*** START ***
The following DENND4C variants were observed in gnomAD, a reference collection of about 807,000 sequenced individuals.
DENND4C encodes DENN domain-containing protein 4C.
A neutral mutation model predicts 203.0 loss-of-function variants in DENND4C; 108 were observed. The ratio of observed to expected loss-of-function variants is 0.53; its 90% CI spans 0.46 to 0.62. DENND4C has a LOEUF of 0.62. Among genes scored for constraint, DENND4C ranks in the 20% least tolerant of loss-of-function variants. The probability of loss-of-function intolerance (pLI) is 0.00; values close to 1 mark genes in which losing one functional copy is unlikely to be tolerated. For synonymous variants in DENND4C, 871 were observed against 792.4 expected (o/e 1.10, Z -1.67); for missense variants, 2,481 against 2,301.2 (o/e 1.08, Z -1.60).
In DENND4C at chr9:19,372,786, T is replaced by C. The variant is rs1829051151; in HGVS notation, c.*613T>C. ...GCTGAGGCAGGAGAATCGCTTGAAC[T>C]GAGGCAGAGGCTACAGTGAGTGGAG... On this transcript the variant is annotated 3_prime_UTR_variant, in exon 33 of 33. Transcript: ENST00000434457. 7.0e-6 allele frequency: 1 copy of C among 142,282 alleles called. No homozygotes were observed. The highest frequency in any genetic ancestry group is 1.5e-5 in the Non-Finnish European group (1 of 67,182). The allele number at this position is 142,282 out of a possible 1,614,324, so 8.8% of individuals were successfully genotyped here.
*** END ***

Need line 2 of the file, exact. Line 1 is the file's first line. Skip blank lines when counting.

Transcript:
DENND4C encodes DENN domain-containing protein 4C.